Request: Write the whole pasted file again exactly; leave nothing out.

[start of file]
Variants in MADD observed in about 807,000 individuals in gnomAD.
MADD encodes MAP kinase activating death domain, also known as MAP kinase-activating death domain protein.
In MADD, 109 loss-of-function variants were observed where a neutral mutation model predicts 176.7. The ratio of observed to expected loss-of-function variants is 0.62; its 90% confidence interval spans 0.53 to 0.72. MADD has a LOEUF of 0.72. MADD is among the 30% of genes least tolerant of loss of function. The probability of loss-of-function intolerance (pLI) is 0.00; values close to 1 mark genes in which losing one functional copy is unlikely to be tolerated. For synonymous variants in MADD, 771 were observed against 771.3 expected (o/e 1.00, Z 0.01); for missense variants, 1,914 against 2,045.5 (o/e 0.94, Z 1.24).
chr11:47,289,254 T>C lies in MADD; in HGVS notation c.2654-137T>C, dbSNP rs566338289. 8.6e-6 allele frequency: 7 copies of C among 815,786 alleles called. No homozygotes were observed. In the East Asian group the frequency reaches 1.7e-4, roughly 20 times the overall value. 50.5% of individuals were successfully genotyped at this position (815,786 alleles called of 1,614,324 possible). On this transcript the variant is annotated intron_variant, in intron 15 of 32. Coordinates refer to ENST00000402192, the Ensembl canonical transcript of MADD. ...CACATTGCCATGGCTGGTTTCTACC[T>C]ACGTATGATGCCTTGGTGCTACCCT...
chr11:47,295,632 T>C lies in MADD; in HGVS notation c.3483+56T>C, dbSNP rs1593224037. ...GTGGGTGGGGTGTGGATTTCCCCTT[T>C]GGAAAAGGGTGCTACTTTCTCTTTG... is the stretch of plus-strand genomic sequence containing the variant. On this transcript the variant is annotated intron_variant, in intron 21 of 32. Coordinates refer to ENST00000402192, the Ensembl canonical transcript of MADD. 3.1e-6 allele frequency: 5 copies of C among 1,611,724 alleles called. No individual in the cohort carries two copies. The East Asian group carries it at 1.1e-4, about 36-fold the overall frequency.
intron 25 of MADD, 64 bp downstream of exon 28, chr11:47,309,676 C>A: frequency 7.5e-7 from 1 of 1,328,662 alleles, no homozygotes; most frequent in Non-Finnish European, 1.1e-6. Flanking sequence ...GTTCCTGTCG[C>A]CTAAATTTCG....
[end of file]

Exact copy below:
Variants in MADD observed in about 807,000 individuals in gnomAD.
MADD encodes MAP kinase activating death domain, also known as MAP kinase-activating death domain protein.
In MADD, 109 loss-of-function variants were observed where a neutral mutation model predicts 176.7. The ratio of observed to expected loss-of-function variants is 0.62; its 90% confidence interval spans 0.53 to 0.72. MADD has a LOEUF of 0.72. MADD is among the 30% of genes least tolerant of loss of function. The probability of loss-of-function intolerance (pLI) is 0.00; values close to 1 mark genes in which losing one functional copy is unlikely to be tolerated. For synonymous variants in MADD, 771 were observed against 771.3 expected (o/e 1.00, Z 0.01); for missense variants, 1,914 against 2,045.5 (o/e 0.94, Z 1.24).
chr11:47,289,254 T>C lies in MADD; in HGVS notation c.2654-137T>C, dbSNP rs566338289. 8.6e-6 allele frequency: 7 copies of C among 815,786 alleles called. No homozygotes were observed. In the East Asian group the frequency reaches 1.7e-4, roughly 20 times the overall value. 50.5% of individuals were successfully genotyped at this position (815,786 alleles called of 1,614,324 possible). On this transcript the variant is annotated intron_variant, in intron 15 of 32. Coordinates refer to ENST00000402192, the Ensembl canonical transcript of MADD. ...CACATTGCCATGGCTGGTTTCTACC[T>C]ACGTATGATGCCTTGGTGCTACCCT...
chr11:47,295,632 T>C lies in MADD; in HGVS notation c.3483+56T>C, dbSNP rs1593224037. ...GTGGGTGGGGTGTGGATTTCCCCTT[T>C]GGAAAAGGGTGCTACTTTCTCTTTG... is the stretch of plus-strand genomic sequence containing the variant. On this transcript the variant is annotated intron_variant, in intron 21 of 32. Coordinates refer to ENST00000402192, the Ensembl canonical transcript of MADD. 3.1e-6 allele frequency: 5 copies of C among 1,611,724 alleles called. No individual in the cohort carries two copies. The East Asian group carries it at 1.1e-4, about 36-fold the overall frequency.
intron 25 of MADD, 64 bp downstream of exon 28, chr11:47,309,676 C>A: frequency 7.5e-7 from 1 of 1,328,662 alleles, no homozygotes; most frequent in Non-Finnish European, 1.1e-6. Flanking sequence ...GTTCCTGTCG[C>A]CTAAATTTCG....